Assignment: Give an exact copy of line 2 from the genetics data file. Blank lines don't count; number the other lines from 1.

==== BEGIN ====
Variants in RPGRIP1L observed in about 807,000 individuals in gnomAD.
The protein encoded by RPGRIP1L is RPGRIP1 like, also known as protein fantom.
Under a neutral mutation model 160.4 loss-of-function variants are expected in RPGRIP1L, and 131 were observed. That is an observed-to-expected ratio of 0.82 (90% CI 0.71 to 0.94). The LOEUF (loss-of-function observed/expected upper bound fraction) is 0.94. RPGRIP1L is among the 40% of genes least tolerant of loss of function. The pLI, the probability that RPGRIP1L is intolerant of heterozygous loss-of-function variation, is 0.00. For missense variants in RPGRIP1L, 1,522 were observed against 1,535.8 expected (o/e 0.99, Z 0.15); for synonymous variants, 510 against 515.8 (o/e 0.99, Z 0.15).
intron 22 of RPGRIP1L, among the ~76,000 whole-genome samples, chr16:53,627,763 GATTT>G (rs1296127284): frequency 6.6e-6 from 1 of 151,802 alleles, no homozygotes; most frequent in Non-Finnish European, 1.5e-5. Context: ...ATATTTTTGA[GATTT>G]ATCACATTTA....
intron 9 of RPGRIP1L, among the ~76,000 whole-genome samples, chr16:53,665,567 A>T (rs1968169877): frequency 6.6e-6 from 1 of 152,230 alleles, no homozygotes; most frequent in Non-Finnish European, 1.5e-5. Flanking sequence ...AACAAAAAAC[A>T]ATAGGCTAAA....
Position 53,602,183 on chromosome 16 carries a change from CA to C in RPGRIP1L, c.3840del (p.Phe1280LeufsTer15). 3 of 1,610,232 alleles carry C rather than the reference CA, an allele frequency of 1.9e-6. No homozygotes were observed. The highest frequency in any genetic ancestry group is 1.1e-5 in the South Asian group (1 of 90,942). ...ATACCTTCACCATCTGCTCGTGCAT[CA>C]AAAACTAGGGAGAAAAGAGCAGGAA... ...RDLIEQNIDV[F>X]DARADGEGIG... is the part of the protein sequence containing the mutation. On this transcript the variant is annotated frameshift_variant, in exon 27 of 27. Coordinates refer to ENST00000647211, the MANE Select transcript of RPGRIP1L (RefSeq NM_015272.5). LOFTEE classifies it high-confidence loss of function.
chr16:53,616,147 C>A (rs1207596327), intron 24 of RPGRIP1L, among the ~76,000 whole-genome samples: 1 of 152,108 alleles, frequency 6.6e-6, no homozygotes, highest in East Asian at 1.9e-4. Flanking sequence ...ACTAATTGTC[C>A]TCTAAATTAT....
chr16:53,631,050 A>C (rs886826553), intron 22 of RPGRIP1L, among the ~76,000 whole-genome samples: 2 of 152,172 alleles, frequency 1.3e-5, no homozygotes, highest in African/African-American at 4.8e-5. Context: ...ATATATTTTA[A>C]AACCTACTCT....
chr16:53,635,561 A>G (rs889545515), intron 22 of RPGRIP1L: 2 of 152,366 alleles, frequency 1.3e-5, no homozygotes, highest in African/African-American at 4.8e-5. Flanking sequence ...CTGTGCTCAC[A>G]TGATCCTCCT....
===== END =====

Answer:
The protein encoded by RPGRIP1L is RPGRIP1 like, also known as protein fantom.